UWE Photography Research Takeover

I am not sure where to start. So I just will. The images you will see over the next seven days are first attempts in the exploration of something new. Playful experiments in response to words and concepts found in two papers, ‘Loop-weighted walk’ by Tyler Helmuth and ‘Self-attracting self avoiding walk’ by Alan Hammond and Tyler Helmuth. I could spend a lifetime trying to understand their work (mathematics), and that still wouldn’t be long enough.

Some of the words/concepts I am directly responding to are: Self-interacting, self-attracting, self-avoiding, random walks, loops, repulsion, loop erasure, spin, bubble chain, memory, zigzag, unwieldy, spacelike, non-empty collections, hyperedges, connectedness, flips, heaps of pieces (I especially like heaps of pieces).

The following recurring themes will also be featured in this work: Reveal and conceal, affect, the use of layers and collage, sound, and the otherworldly/make-believe.

What I find appealing about these words/concepts/themes are their ability to penetrate through the membrane of the mundane. I use this affect to attempt to illustrate the exiting of the mundane with the use of photography and digital processes, a retelling of an experience.


The papers I am referring to can be found here: ‘Loop-weighted walk’ by Tyler Helmuth: https://arxiv.org/abs/1410.3119

‘Self-attracting self avoiding walk’ by Alan Hammond and Tyler Helmuth: https://arxiv.org/abs/1712.07673

A special thank you to Tyler Helmuth for taking the time to talk to me about some of his research.

Day 1. Concrete Building

What attracted to me to self-interacting/attracting/avoiding and random walks was a simple word association that made me think of the flâneur or in my case the Flâneuse. Wandering with a camera is the starting point of my image making. My approach towards photography in the early stages of a project is traditional in the way I take photographs. It is when I enter the post-production stage when I am most influenced by concepts and ideas, and my desire to leap into another world, this is when I feel that I am making photographs.

For this image I was referencing some of the illustrations of a ‘self-avoiding walk’ used in Alan Hammond and Tyler Helmuth’s paper ‘Self-avoiding self attracting walk’. Their illustrations remind me of pixels and glitched images, and why it is easy for me to take hold of them, to see them as something other than their intended purpose.

Day 2. Water

I was thinking of the words ‘self-attracting self-avoiding walk’ when making this image, and the inevitability of a union. I am also using layers to conceal and erase sections of the image to talk about memory and erased memory. I often use opaque layers like those used in screenprinting to flatten the photograph. To create an artificial landscape through a synthesized photograph. The ‘Self-attracting self avoiding walk’ comes from a mathematics paper with the same title by Alan Hammond and Tyler Helmuth. I will use this concept throughout this takeover, and although I will never truly understand the mathematics, I am attracted to the contradiction and the poetics of the words. The snaky pixel chain up the middle of the image is my interpretation of this idea.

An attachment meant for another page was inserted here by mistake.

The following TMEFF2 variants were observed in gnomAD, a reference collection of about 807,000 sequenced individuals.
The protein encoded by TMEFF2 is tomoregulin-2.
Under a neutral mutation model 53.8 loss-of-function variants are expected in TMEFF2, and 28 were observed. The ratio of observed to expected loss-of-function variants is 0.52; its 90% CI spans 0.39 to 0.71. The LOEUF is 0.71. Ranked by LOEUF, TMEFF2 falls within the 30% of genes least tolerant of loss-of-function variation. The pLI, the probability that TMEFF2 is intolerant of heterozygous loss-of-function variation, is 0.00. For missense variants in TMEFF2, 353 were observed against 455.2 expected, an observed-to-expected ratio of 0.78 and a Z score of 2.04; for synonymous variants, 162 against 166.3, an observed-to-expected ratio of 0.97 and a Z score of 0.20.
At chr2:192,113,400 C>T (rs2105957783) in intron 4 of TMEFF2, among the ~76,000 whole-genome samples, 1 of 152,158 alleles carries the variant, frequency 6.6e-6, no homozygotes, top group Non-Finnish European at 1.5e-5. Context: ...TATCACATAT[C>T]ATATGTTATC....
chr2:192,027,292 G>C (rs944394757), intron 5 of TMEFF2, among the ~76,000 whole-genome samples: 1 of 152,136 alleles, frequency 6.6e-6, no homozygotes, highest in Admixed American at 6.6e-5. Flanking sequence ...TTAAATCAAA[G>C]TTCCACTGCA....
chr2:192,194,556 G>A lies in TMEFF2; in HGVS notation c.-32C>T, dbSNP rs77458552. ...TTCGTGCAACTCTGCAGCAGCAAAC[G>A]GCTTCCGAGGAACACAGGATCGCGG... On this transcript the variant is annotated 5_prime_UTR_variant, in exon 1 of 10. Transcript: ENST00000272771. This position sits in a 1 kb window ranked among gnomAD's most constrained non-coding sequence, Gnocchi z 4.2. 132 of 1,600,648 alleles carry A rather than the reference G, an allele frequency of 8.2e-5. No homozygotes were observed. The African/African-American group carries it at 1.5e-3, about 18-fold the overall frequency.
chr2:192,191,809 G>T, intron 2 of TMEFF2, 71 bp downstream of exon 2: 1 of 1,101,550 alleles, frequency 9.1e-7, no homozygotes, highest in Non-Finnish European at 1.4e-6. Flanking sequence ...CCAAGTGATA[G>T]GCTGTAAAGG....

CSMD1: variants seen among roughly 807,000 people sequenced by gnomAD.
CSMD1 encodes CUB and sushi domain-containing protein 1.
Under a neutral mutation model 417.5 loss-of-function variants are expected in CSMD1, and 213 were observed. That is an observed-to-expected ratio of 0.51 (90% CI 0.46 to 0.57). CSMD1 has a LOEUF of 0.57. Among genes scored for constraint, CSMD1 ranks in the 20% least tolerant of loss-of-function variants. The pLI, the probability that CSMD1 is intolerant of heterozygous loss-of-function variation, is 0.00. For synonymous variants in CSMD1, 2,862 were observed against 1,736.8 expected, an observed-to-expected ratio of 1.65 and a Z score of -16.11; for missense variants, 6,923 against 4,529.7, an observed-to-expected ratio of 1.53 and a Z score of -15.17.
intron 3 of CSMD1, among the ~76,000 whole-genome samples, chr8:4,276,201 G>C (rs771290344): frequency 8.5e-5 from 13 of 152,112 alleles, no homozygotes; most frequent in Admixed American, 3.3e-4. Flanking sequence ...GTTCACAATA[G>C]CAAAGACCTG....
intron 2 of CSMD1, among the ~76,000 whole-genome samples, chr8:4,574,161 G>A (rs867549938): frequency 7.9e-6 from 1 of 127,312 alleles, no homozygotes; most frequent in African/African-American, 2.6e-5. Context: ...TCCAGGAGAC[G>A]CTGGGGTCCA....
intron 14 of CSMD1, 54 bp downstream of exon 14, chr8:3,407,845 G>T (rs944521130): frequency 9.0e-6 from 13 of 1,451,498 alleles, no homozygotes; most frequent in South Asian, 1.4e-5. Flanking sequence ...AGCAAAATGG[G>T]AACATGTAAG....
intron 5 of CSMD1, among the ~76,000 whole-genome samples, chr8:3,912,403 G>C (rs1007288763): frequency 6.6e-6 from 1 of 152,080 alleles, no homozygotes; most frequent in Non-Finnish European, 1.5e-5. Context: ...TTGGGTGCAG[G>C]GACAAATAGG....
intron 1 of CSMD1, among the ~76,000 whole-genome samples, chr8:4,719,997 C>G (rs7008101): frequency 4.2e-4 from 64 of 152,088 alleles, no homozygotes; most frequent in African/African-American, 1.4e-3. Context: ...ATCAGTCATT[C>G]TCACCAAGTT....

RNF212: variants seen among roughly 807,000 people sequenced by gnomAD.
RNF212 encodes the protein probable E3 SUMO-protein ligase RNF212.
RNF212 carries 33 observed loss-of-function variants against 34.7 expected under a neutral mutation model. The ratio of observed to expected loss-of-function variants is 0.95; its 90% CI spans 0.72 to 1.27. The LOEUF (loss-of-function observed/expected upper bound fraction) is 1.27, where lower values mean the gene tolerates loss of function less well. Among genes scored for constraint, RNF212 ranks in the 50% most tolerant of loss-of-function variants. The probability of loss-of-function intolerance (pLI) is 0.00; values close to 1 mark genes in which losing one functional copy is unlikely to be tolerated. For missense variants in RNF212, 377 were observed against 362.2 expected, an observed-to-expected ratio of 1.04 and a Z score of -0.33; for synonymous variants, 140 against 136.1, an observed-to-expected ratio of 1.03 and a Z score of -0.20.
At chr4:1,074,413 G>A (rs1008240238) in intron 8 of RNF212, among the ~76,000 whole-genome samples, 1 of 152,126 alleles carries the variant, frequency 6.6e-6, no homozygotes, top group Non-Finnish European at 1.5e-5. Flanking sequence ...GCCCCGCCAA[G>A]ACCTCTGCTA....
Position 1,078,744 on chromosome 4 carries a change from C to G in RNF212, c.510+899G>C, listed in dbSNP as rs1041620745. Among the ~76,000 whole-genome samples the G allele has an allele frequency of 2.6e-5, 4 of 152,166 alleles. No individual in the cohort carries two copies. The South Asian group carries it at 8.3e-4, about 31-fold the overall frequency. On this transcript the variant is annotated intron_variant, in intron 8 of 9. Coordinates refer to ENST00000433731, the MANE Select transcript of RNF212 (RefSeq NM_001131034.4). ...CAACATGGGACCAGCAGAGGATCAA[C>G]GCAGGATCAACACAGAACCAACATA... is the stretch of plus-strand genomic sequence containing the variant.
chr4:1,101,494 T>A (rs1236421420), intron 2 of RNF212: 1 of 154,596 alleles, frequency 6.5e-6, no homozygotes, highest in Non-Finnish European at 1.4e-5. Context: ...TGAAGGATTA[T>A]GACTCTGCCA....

Day 3. Shrubs

This is my version of ‘non-empty collections of hyperedges’, a term found in Tyler Helmuth’s paper ‘Loop-weighted walk’. I think of trees as having ‘hyperedges’, especially when it comes to trying to cut them out digitally. I obviously manipulated these shrubs, trying to make them look like they are consuming themselves, which also relates to the ‘self-attracting’ theme.

Another interesting term in this paper was ‘bubble chain’, but in this case I wanted to think of this idea in an absurd way, more like shrubby bubbles, hence the bulbous crude cutouts. Some of these ‘mathematical’ terms are so curious to me. They almost seem like they were created for self-amusement, and perhaps one of the reasons why I like them so much. Finding these curious terms in an unexpected place speaks to my dis/interest in the mundane.

Day 4. Hedge 

When I found this hedge I was struck by the patterns of life and decay, and how the line between the two seemed like a map of a ‘random walk’. When making the image I was also interested in the ‘flippable’ and ‘flippability’, terms used in Alan Hammond and Tyler Helmuth’s paper ‘Self-attracting self-avoiding walk’. Using a repeat image in this way also made me think about altered memory. Or a memory from a different position.

More recently I started thinking about whether plants can feel, and this simply came from a sound memory that I have from Michelangelo Antonioni’s film ‘Blow Up’. There is a scene at the location where it is thought that a murder took place, and the leaves are rustling creating white noise. It is as if the trees and leaves are asking for help and attention.

When I came across this hedge, I wondered if it was trying to tell me something.